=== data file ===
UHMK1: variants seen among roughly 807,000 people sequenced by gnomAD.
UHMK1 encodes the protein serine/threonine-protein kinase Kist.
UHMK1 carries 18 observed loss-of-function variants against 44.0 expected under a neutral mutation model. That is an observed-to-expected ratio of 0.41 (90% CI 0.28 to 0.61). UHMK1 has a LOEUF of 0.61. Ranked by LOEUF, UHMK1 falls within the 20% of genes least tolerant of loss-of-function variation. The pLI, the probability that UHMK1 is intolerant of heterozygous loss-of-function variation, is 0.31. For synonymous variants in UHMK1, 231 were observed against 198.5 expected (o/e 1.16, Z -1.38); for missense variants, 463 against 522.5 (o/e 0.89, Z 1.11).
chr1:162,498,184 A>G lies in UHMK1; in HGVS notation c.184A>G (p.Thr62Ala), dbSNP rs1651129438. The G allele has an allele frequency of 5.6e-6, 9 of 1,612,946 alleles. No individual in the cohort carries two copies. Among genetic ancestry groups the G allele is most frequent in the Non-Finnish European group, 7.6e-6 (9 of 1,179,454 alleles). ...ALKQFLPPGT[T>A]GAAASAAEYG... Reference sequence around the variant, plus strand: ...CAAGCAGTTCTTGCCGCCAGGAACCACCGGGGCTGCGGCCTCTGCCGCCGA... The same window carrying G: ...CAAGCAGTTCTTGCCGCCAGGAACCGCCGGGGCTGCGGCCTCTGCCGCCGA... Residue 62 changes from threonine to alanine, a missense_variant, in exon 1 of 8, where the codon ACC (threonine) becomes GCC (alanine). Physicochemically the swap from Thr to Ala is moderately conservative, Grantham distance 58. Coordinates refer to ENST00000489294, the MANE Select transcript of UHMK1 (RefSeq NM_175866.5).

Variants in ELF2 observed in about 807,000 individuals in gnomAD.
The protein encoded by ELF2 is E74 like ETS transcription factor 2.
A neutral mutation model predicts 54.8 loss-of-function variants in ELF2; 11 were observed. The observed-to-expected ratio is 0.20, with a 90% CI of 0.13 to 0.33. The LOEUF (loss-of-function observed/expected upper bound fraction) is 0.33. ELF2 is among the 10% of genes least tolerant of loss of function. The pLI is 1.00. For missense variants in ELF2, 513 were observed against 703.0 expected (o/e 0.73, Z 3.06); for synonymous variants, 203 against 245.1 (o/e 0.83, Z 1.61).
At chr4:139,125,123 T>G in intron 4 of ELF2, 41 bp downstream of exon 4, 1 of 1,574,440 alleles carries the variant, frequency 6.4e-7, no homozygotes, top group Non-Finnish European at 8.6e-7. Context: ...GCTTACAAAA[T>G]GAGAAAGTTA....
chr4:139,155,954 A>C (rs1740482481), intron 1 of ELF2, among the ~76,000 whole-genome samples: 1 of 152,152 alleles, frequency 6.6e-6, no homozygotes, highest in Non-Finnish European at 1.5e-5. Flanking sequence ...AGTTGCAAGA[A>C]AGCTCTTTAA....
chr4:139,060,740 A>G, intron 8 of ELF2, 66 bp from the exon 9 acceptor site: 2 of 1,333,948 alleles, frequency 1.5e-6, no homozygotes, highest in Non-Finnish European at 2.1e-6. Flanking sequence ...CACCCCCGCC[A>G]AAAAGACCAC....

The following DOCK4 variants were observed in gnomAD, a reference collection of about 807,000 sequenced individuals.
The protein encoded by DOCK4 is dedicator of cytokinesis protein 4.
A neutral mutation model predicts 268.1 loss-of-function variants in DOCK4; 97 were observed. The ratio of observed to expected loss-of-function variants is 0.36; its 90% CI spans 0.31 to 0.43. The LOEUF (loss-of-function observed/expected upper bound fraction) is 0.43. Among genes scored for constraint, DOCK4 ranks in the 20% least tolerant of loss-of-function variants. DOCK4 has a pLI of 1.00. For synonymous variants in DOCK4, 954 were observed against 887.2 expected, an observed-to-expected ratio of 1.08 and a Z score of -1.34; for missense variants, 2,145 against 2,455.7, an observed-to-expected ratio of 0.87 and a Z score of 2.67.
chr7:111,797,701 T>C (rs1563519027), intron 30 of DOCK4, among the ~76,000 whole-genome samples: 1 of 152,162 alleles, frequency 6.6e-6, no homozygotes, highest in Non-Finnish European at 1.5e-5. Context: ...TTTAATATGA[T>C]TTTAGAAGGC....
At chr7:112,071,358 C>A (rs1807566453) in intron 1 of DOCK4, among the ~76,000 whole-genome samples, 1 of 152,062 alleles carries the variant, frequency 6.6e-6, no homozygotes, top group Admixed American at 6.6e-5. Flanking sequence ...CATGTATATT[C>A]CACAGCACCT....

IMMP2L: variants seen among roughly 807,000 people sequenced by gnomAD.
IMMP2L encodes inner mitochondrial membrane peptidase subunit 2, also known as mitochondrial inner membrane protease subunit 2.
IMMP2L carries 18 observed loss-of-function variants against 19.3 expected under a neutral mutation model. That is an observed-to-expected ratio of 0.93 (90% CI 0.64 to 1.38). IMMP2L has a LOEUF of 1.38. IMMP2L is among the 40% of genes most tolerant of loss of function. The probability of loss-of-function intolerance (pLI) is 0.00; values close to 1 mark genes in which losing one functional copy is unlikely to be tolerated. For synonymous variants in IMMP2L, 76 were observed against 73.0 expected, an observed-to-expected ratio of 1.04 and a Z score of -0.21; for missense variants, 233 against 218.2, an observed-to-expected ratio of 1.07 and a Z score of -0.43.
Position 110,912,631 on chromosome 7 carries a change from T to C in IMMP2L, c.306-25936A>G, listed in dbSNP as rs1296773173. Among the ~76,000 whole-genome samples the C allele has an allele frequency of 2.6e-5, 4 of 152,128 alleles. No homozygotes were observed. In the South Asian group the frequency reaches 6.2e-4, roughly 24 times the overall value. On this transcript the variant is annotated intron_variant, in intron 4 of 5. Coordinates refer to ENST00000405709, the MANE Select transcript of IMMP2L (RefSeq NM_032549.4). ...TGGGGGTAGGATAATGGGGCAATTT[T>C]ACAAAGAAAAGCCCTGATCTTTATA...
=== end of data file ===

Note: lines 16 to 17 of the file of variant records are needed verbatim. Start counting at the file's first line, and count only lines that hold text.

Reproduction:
IMMP2L: variants seen among roughly 807,000 people sequenced by gnomAD.
IMMP2L encodes inner mitochondrial membrane peptidase subunit 2, also known as mitochondrial inner membrane protease subunit 2.